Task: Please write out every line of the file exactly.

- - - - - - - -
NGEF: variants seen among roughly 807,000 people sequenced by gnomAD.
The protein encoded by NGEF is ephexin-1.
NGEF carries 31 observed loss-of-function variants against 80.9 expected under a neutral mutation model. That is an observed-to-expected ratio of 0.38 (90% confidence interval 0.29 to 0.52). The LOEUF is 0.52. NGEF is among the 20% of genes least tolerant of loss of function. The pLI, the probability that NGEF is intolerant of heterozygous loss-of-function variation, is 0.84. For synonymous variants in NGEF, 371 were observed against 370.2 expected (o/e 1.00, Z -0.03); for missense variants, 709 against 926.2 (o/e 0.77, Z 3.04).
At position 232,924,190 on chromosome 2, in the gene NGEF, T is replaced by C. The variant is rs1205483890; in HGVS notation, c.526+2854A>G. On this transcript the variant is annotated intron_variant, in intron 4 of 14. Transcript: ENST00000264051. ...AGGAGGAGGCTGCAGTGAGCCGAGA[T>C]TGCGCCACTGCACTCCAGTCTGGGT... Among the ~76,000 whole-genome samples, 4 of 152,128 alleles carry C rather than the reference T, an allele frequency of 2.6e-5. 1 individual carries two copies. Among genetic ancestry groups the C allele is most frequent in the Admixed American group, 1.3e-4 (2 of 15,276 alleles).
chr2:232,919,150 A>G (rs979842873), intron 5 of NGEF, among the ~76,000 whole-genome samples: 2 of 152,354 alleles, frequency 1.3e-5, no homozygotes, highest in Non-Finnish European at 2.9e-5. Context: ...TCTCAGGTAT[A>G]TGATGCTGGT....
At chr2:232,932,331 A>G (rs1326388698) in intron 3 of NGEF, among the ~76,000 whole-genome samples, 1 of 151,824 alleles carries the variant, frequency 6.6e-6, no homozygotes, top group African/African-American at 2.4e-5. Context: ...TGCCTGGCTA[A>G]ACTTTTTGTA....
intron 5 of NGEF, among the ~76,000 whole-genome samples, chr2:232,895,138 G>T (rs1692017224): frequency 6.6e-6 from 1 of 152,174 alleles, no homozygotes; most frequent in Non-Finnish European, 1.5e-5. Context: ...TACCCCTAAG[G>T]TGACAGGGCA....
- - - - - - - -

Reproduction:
NGEF: variants seen among roughly 807,000 people sequenced by gnomAD.
The protein encoded by NGEF is ephexin-1.
NGEF carries 31 observed loss-of-function variants against 80.9 expected under a neutral mutation model. That is an observed-to-expected ratio of 0.38 (90% confidence interval 0.29 to 0.52). The LOEUF is 0.52. NGEF is among the 20% of genes least tolerant of loss of function. The pLI, the probability that NGEF is intolerant of heterozygous loss-of-function variation, is 0.84. For synonymous variants in NGEF, 371 were observed against 370.2 expected (o/e 1.00, Z -0.03); for missense variants, 709 against 926.2 (o/e 0.77, Z 3.04).
At position 232,924,190 on chromosome 2, in the gene NGEF, T is replaced by C. The variant is rs1205483890; in HGVS notation, c.526+2854A>G. On this transcript the variant is annotated intron_variant, in intron 4 of 14. Transcript: ENST00000264051. ...AGGAGGAGGCTGCAGTGAGCCGAGA[T>C]TGCGCCACTGCACTCCAGTCTGGGT... Among the ~76,000 whole-genome samples, 4 of 152,128 alleles carry C rather than the reference T, an allele frequency of 2.6e-5. 1 individual carries two copies. Among genetic ancestry groups the C allele is most frequent in the Admixed American group, 1.3e-4 (2 of 15,276 alleles).
chr2:232,919,150 A>G (rs979842873), intron 5 of NGEF, among the ~76,000 whole-genome samples: 2 of 152,354 alleles, frequency 1.3e-5, no homozygotes, highest in Non-Finnish European at 2.9e-5. Context: ...TCTCAGGTAT[A>G]TGATGCTGGT....
At chr2:232,932,331 A>G (rs1326388698) in intron 3 of NGEF, among the ~76,000 whole-genome samples, 1 of 151,824 alleles carries the variant, frequency 6.6e-6, no homozygotes, top group African/African-American at 2.4e-5. Context: ...TGCCTGGCTA[A>G]ACTTTTTGTA....
intron 5 of NGEF, among the ~76,000 whole-genome samples, chr2:232,895,138 G>T (rs1692017224): frequency 6.6e-6 from 1 of 152,174 alleles, no homozygotes; most frequent in Non-Finnish European, 1.5e-5. Context: ...TACCCCTAAG[G>T]TGACAGGGCA....